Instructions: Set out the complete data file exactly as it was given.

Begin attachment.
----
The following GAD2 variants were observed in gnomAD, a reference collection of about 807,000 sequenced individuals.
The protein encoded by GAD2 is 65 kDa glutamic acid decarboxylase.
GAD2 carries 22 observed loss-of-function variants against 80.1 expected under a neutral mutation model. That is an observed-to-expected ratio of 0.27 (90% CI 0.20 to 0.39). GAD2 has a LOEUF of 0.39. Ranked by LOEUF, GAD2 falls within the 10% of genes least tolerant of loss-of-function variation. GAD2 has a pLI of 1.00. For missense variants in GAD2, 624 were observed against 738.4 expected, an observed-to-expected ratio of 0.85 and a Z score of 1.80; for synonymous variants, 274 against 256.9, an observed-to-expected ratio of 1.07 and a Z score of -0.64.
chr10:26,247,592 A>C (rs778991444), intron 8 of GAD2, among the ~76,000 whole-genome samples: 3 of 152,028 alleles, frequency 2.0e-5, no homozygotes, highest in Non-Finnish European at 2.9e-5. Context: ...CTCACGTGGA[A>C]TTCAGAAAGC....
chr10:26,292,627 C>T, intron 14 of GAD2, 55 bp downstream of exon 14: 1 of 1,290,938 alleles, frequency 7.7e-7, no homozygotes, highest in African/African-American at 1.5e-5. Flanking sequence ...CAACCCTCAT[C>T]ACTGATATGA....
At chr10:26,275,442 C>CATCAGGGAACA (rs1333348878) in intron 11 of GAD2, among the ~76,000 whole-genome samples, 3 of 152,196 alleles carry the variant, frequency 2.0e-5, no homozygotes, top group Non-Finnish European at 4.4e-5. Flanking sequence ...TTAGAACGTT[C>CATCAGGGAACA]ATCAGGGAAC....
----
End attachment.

The following GAD2 variants were observed in gnomAD, a reference collection of about 807,000 sequenced individuals.
The protein encoded by GAD2 is 65 kDa glutamic acid decarboxylase.
GAD2 carries 22 observed loss-of-function variants against 80.1 expected under a neutral mutation model. That is an observed-to-expected ratio of 0.27 (90% CI 0.20 to 0.39). GAD2 has a LOEUF of 0.39. Ranked by LOEUF, GAD2 falls within the 10% of genes least tolerant of loss-of-function variation. GAD2 has a pLI of 1.00. For missense variants in GAD2, 624 were observed against 738.4 expected, an observed-to-expected ratio of 0.85 and a Z score of 1.80; for synonymous variants, 274 against 256.9, an observed-to-expected ratio of 1.07 and a Z score of -0.64.
chr10:26,247,592 A>C (rs778991444), intron 8 of GAD2, among the ~76,000 whole-genome samples: 3 of 152,028 alleles, frequency 2.0e-5, no homozygotes, highest in Non-Finnish European at 2.9e-5. Context: ...CTCACGTGGA[A>C]TTCAGAAAGC....
chr10:26,292,627 C>T, intron 14 of GAD2, 55 bp downstream of exon 14: 1 of 1,290,938 alleles, frequency 7.7e-7, no homozygotes, highest in African/African-American at 1.5e-5. Flanking sequence ...CAACCCTCAT[C>T]ACTGATATGA....
At chr10:26,275,442 C>CATCAGGGAACA (rs1333348878) in intron 11 of GAD2, among the ~76,000 whole-genome samples, 3 of 152,196 alleles carry the variant, frequency 2.0e-5, no homozygotes, top group Non-Finnish European at 4.4e-5. Flanking sequence ...TTAGAACGTT[C>CATCAGGGAACA]ATCAGGGAAC....